Pusher 88A is held by main body section 80 so as to be movable in the up-down direction and moves up and down by the operation of air cylinder 89. When pusher 88A descends, pusher 88A contacts component body 96 of lead component 92 held by holding tool 81 and presses lead component 92 downward. When lead component 92 is pressed downward by pusher 88A, each claw section of the pair of claw sections 81A of holding tool 81 swings obliquely upward, thereby releasing leads 94. That is, holding tool 81 is swung from the gripped state toward the released state. Therefore, if there is no gap equal to or larger than a predetermined distance (e.g., a distance of about 5 mm) between the pair of claw sections 81A and adjacent components in the swinging direction of the pair of claw sections 81A, there is a possibility of contact with adjacent components.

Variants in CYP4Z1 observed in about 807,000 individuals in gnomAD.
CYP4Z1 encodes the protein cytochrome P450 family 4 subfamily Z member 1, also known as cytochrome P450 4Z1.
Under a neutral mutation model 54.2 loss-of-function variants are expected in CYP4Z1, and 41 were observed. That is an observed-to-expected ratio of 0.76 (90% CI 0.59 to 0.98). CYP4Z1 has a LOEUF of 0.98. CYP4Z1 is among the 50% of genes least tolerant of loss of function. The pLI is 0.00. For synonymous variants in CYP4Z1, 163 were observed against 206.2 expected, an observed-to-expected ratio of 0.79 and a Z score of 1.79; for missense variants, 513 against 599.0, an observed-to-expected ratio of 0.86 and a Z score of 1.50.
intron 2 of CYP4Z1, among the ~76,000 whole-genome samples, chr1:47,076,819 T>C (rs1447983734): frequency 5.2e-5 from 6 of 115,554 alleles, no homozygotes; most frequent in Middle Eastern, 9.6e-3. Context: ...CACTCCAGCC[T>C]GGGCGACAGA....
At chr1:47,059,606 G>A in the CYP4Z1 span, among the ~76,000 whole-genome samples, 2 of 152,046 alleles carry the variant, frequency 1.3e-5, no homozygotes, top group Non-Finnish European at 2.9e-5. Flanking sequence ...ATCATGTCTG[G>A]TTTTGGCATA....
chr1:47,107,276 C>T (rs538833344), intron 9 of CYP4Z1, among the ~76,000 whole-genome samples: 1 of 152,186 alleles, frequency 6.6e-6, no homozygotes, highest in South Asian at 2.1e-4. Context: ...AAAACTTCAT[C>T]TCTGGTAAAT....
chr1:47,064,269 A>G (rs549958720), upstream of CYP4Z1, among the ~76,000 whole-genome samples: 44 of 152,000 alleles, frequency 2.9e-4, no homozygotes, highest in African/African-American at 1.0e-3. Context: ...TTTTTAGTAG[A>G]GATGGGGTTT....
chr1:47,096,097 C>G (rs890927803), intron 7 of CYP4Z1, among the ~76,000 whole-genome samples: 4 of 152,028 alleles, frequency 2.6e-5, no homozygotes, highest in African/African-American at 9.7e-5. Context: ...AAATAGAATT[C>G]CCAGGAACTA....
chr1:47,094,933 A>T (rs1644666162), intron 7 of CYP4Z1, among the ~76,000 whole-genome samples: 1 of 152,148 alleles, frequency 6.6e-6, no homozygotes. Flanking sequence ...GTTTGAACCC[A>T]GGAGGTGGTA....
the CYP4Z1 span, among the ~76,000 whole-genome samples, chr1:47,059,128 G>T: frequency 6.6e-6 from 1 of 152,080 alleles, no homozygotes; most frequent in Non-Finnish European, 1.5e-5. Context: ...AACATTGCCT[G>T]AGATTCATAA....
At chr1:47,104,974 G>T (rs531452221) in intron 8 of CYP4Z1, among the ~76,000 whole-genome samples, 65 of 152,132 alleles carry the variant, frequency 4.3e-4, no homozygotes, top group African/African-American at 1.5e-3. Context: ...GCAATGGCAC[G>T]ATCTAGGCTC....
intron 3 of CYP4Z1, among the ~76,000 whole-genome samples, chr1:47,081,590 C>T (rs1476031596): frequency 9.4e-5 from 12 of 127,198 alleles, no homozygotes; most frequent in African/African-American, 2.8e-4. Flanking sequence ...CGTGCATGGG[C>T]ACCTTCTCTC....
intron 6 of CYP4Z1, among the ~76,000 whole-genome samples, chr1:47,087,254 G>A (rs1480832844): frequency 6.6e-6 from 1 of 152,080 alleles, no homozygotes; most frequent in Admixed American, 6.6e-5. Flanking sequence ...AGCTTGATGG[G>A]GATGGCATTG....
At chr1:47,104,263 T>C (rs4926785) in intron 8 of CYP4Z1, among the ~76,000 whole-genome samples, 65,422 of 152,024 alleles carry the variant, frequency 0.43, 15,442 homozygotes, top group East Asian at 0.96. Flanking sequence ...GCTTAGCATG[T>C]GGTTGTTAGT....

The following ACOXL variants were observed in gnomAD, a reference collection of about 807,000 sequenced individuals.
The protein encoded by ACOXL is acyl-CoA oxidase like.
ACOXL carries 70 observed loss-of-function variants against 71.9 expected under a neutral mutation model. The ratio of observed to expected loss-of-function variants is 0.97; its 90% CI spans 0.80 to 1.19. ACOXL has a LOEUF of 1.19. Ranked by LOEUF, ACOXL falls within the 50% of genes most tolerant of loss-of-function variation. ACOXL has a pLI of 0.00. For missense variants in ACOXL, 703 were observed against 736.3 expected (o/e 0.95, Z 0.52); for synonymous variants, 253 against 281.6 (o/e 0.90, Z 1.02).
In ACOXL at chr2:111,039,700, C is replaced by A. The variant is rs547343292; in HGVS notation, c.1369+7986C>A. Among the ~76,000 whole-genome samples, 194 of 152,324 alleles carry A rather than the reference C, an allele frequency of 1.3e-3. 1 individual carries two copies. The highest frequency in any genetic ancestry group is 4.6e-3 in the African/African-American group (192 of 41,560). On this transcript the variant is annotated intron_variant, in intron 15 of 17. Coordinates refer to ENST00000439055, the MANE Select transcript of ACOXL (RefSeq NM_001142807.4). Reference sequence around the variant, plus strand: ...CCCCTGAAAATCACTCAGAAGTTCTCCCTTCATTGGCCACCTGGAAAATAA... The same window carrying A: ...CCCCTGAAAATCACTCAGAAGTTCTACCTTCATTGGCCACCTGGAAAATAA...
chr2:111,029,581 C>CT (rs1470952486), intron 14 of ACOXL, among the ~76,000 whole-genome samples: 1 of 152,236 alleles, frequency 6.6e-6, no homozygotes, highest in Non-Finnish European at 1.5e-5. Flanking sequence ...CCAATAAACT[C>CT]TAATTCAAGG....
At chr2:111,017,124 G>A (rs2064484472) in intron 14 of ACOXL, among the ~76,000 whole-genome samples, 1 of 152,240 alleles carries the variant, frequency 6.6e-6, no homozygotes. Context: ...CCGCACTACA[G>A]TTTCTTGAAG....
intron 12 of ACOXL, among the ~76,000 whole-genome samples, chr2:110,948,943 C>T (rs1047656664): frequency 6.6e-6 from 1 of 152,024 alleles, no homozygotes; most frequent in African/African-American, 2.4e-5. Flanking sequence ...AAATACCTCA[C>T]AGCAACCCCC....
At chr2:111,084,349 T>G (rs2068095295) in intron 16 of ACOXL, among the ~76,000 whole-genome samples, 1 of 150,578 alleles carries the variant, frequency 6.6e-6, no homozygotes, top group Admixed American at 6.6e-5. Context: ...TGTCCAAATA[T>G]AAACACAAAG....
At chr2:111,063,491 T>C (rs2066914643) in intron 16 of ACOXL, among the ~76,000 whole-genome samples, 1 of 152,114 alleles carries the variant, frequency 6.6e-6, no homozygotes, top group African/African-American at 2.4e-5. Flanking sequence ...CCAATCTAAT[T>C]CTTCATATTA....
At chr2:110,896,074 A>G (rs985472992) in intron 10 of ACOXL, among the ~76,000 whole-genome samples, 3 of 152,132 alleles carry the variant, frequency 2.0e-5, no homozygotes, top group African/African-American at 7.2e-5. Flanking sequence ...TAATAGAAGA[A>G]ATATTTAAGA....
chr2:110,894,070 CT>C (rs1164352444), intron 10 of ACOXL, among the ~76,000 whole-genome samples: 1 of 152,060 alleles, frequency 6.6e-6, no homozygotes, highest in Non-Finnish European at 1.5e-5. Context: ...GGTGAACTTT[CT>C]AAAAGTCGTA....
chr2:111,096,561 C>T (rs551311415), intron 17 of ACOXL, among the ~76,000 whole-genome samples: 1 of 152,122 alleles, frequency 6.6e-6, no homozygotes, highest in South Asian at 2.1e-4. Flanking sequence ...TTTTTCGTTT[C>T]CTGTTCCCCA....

Next, as shown in FIG. 4, holding tool 82 is composed of a pair of claw sections 82A, having an L-shape in a side view, and auxiliary plate 82B. The pair of claw sections 82A are held by main body section 80 so as to be swingable in the left-right direction when viewed from the front, and as the pair of claw sections 82A are swung by the operation of opening/closing device 86, the distal ends of claw sections 82A approach each other or separate from each other. A recess (not shown) having a size corresponding to the wire diameter of lead 94 of lead component 92, which is a holding target, is formed inside the pair of claw sections 82A.

Auxiliary plate 82B is positioned between the pair of claw sections 82A and swings together with the pair of claw sections 82A in a direction orthogonal to the closing/releasing direction of the pair of claw sections 82A. That is, the pair of claw sections 82A and auxiliary plate 82B swing between the state shown by the solid line in FIG. 4 (hereinafter, sometimes referred to as the “gripped state”) and the state shown by the two-dot chain line in FIG. 4 (hereinafter, sometimes referred to as a “released state”).